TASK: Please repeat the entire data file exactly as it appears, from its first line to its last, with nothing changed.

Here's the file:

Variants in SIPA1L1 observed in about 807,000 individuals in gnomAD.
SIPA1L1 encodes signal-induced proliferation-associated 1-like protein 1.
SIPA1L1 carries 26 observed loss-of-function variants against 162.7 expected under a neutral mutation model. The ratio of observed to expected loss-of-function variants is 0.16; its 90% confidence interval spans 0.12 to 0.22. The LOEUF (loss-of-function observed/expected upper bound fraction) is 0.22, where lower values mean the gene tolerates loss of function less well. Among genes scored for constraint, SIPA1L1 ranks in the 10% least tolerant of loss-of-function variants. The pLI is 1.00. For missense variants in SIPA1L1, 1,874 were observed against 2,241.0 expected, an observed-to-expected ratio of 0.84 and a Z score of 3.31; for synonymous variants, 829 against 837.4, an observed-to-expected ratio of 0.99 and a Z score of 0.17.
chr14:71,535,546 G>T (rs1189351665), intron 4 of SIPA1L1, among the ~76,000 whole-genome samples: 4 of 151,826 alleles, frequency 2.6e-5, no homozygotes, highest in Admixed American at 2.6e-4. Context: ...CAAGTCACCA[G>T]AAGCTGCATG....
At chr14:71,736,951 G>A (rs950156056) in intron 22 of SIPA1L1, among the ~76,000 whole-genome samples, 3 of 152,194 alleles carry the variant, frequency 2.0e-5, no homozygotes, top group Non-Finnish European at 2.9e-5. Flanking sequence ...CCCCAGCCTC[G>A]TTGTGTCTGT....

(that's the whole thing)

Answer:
Variants in SIPA1L1 observed in about 807,000 individuals in gnomAD.
SIPA1L1 encodes signal-induced proliferation-associated 1-like protein 1.
SIPA1L1 carries 26 observed loss-of-function variants against 162.7 expected under a neutral mutation model. The ratio of observed to expected loss-of-function variants is 0.16; its 90% confidence interval spans 0.12 to 0.22. The LOEUF (loss-of-function observed/expected upper bound fraction) is 0.22, where lower values mean the gene tolerates loss of function less well. Among genes scored for constraint, SIPA1L1 ranks in the 10% least tolerant of loss-of-function variants. The pLI is 1.00. For missense variants in SIPA1L1, 1,874 were observed against 2,241.0 expected, an observed-to-expected ratio of 0.84 and a Z score of 3.31; for synonymous variants, 829 against 837.4, an observed-to-expected ratio of 0.99 and a Z score of 0.17.
chr14:71,535,546 G>T (rs1189351665), intron 4 of SIPA1L1, among the ~76,000 whole-genome samples: 4 of 151,826 alleles, frequency 2.6e-5, no homozygotes, highest in Admixed American at 2.6e-4. Context: ...CAAGTCACCA[G>T]AAGCTGCATG....
At chr14:71,736,951 G>A (rs950156056) in intron 22 of SIPA1L1, among the ~76,000 whole-genome samples, 3 of 152,194 alleles carry the variant, frequency 2.0e-5, no homozygotes, top group Non-Finnish European at 2.9e-5. Flanking sequence ...CCCCAGCCTC[G>A]TTGTGTCTGT....